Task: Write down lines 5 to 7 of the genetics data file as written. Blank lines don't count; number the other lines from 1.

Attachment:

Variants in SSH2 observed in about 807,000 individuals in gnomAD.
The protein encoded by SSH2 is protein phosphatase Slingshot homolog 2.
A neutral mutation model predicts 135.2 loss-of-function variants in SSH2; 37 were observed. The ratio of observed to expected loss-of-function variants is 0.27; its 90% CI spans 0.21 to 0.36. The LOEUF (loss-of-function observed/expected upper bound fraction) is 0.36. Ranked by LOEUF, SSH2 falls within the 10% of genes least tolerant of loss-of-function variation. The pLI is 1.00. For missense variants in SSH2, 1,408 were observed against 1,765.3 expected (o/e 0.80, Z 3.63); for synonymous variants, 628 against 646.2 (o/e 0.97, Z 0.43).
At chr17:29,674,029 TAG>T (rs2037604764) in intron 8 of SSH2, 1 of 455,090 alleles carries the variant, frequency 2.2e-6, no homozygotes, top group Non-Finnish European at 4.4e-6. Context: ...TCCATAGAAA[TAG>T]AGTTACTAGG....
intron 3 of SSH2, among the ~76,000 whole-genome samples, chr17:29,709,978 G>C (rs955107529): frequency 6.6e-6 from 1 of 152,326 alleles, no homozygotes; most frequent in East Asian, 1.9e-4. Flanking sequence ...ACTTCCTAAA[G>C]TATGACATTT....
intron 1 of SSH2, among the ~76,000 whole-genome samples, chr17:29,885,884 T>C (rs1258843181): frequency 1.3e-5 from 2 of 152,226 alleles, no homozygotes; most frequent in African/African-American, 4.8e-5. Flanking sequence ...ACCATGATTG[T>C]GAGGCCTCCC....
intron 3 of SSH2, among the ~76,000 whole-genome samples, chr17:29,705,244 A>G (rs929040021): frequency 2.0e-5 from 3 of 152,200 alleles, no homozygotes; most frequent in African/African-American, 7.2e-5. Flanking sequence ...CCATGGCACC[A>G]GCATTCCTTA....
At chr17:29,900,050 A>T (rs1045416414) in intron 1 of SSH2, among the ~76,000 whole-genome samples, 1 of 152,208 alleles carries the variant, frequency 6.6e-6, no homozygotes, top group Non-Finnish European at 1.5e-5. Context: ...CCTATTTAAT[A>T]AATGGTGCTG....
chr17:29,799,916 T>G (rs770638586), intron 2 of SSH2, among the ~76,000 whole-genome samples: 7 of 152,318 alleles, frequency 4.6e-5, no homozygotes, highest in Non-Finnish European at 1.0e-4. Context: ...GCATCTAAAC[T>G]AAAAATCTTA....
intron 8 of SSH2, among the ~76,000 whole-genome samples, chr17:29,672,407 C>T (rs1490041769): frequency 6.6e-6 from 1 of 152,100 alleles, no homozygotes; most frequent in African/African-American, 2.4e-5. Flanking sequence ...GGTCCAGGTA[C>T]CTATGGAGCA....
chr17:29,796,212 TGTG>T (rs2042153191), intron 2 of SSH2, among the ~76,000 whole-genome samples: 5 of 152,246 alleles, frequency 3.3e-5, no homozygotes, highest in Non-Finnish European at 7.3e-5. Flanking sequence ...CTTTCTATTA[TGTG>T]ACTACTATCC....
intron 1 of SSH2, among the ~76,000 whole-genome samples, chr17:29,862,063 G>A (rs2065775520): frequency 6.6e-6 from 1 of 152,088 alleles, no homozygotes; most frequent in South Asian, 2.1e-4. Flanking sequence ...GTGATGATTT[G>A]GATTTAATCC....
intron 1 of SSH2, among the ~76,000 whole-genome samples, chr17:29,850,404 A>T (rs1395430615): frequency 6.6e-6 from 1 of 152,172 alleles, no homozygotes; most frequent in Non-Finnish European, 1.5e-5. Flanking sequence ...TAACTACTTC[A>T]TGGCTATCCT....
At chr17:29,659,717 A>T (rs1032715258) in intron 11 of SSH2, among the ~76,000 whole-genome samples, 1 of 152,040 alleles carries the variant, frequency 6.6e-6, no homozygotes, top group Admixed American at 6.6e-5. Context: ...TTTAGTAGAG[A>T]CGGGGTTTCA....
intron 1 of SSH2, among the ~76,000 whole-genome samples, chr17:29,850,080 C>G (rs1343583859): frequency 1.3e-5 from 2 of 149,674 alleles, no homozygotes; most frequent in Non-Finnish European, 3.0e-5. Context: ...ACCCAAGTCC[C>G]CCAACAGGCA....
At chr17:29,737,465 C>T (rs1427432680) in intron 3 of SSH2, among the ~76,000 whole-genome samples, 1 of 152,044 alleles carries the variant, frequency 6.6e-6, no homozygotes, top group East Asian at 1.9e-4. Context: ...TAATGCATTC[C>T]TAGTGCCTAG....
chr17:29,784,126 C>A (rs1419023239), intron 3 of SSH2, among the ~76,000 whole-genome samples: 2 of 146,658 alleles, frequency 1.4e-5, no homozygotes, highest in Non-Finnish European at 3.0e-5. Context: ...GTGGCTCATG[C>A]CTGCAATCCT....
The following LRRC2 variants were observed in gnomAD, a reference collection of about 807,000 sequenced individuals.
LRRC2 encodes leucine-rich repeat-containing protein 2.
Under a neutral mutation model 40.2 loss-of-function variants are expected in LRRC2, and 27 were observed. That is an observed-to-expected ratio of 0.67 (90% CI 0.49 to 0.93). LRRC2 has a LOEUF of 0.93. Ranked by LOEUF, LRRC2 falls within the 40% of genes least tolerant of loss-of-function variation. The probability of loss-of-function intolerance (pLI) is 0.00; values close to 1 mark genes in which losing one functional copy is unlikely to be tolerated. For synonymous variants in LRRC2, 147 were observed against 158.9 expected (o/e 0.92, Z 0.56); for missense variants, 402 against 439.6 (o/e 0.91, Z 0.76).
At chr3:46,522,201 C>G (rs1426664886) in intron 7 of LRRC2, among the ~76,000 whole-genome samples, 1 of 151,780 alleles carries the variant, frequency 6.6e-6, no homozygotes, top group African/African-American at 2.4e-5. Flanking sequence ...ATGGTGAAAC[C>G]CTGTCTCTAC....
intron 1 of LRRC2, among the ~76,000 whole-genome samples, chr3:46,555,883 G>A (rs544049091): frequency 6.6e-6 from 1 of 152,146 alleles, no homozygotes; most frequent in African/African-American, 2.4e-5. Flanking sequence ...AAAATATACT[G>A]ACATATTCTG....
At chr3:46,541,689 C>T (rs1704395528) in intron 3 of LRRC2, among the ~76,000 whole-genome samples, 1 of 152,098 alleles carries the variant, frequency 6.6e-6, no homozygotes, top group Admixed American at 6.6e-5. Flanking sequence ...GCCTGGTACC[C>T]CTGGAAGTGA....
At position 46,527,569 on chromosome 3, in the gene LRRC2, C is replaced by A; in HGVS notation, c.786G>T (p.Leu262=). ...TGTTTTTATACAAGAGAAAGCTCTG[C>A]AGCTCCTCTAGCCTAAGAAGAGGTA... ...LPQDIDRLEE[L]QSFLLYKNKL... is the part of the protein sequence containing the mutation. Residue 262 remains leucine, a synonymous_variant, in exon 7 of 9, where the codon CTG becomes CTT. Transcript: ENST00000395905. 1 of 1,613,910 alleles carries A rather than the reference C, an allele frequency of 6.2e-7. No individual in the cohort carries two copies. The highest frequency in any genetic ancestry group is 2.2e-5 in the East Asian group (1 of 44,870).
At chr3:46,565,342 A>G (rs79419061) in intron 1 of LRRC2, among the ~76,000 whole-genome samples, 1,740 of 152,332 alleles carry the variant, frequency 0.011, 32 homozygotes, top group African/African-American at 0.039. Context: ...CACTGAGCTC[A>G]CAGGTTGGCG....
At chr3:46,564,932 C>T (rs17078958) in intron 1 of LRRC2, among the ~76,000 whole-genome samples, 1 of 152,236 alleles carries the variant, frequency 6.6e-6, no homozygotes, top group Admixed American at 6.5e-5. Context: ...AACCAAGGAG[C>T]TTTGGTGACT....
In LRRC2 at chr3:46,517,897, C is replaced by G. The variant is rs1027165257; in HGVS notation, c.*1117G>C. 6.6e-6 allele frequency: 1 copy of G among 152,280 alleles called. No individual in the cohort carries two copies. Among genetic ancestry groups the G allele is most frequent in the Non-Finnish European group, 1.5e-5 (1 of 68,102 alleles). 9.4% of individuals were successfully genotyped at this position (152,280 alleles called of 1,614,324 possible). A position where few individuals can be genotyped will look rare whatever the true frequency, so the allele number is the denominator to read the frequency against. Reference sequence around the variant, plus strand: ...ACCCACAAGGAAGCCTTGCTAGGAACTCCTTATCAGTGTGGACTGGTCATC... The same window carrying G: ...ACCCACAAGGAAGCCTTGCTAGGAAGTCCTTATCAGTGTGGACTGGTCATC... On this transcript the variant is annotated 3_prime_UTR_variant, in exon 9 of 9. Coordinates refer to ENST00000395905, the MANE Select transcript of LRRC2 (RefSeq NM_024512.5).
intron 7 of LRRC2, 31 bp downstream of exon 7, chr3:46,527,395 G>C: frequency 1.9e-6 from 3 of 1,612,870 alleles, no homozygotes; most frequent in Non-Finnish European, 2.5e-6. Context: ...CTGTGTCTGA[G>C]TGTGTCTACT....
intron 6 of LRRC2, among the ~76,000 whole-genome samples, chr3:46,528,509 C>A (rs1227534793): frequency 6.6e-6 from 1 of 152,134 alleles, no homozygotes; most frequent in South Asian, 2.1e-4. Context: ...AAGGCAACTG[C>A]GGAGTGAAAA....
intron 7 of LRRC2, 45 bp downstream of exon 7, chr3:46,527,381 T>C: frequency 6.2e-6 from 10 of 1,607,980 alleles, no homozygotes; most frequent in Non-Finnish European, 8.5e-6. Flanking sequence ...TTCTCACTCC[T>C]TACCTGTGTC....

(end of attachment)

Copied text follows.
intron 3 of SSH2, among the ~76,000 whole-genome samples, chr17:29,709,978 G>C (rs955107529): frequency 6.6e-6 from 1 of 152,326 alleles, no homozygotes; most frequent in East Asian, 1.9e-4. Flanking sequence ...ACTTCCTAAA[G>C]TATGACATTT....
intron 1 of SSH2, among the ~76,000 whole-genome samples, chr17:29,885,884 T>C (rs1258843181): frequency 1.3e-5 from 2 of 152,226 alleles, no homozygotes; most frequent in African/African-American, 4.8e-5. Flanking sequence ...ACCATGATTG[T>C]GAGGCCTCCC....
intron 3 of SSH2, among the ~76,000 whole-genome samples, chr17:29,705,244 A>G (rs929040021): frequency 2.0e-5 from 3 of 152,200 alleles, no homozygotes; most frequent in African/African-American, 7.2e-5. Flanking sequence ...CCATGGCACC[A>G]GCATTCCTTA....